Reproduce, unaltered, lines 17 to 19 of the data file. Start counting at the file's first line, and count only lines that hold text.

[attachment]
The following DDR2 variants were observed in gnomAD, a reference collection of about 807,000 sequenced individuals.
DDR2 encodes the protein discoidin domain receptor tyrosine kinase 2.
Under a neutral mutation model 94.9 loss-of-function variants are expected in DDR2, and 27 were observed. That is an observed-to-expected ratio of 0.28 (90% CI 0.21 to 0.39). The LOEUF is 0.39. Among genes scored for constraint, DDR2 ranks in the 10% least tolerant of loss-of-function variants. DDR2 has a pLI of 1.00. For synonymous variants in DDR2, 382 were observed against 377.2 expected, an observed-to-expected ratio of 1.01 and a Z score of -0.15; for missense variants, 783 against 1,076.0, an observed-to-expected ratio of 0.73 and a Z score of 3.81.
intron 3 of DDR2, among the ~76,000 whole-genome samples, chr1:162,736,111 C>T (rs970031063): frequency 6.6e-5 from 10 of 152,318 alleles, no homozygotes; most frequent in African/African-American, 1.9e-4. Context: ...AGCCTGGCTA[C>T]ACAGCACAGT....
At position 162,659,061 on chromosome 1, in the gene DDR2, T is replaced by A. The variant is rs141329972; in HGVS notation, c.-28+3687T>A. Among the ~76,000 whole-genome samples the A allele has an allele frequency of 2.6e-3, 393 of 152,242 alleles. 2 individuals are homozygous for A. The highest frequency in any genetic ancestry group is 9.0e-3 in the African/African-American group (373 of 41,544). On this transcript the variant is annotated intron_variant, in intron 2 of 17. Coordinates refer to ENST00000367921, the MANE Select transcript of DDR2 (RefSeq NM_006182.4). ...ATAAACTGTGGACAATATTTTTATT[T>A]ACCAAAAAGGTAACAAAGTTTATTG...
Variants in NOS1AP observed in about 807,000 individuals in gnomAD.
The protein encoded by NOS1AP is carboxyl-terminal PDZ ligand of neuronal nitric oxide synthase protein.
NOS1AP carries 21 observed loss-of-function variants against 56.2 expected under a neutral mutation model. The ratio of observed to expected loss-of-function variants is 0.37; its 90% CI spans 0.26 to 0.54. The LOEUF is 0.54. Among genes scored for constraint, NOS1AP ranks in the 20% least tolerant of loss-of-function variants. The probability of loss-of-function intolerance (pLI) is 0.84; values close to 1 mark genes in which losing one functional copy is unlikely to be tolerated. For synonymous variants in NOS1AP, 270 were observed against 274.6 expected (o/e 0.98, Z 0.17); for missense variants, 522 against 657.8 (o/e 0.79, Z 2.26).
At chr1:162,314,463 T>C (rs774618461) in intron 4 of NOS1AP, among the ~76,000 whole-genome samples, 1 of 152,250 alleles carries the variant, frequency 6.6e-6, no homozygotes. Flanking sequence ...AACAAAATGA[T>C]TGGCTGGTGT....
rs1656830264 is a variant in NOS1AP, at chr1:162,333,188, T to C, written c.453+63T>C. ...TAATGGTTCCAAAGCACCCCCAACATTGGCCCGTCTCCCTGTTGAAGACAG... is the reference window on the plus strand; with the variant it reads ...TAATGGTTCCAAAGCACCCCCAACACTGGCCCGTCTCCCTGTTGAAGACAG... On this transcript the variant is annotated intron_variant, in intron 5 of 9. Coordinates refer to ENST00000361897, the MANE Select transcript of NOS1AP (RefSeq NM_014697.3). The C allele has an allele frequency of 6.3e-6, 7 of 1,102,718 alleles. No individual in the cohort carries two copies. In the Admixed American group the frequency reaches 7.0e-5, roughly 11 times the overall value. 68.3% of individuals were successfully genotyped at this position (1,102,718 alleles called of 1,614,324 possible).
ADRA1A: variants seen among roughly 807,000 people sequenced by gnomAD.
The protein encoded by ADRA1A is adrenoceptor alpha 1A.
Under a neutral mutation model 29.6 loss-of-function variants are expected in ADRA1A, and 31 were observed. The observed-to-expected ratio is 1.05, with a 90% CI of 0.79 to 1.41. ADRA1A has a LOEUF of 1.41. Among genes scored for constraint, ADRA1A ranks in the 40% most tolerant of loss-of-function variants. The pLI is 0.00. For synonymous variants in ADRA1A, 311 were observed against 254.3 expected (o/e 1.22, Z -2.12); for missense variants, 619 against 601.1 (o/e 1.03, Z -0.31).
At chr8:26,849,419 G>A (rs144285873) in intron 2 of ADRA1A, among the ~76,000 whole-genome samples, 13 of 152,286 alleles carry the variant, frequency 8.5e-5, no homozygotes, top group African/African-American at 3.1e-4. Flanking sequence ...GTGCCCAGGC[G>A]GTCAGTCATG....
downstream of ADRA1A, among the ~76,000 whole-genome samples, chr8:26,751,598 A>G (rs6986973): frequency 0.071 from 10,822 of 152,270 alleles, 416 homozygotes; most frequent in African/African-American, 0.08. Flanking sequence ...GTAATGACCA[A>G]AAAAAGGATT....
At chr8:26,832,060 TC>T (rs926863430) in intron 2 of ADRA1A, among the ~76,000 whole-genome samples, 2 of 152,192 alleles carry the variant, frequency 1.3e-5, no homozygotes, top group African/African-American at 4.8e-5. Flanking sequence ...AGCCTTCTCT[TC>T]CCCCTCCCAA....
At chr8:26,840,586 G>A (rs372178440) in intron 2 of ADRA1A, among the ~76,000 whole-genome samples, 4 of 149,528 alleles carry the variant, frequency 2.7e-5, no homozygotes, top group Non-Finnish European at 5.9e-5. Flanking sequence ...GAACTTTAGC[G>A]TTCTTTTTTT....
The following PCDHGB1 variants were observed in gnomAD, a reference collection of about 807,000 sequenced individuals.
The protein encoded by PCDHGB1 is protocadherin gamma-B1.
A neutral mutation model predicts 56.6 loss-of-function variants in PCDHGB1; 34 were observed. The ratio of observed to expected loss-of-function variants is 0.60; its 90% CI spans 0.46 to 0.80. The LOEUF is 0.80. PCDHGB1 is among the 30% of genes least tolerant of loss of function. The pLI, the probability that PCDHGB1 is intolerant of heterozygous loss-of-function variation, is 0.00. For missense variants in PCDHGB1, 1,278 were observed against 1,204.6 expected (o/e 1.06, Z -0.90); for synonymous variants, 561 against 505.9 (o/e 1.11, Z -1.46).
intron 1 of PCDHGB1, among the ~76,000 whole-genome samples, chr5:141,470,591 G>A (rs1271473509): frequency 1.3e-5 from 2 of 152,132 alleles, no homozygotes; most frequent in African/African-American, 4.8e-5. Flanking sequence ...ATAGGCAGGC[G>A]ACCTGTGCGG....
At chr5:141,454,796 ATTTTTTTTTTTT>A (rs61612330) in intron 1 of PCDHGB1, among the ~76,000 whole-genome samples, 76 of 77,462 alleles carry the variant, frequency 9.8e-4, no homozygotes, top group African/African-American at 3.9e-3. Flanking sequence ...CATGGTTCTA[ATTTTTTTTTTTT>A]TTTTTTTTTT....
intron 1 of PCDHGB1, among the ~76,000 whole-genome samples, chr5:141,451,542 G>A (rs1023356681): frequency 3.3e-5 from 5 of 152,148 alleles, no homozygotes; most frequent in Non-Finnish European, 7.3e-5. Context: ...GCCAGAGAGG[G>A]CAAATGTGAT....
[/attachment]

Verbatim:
At chr8:26,840,586 G>A (rs372178440) in intron 2 of ADRA1A, among the ~76,000 whole-genome samples, 4 of 149,528 alleles carry the variant, frequency 2.7e-5, no homozygotes, top group Non-Finnish European at 5.9e-5. Flanking sequence ...GAACTTTAGC[G>A]TTCTTTTTTT....
The following PCDHGB1 variants were observed in gnomAD, a reference collection of about 807,000 sequenced individuals.
The protein encoded by PCDHGB1 is protocadherin gamma-B1.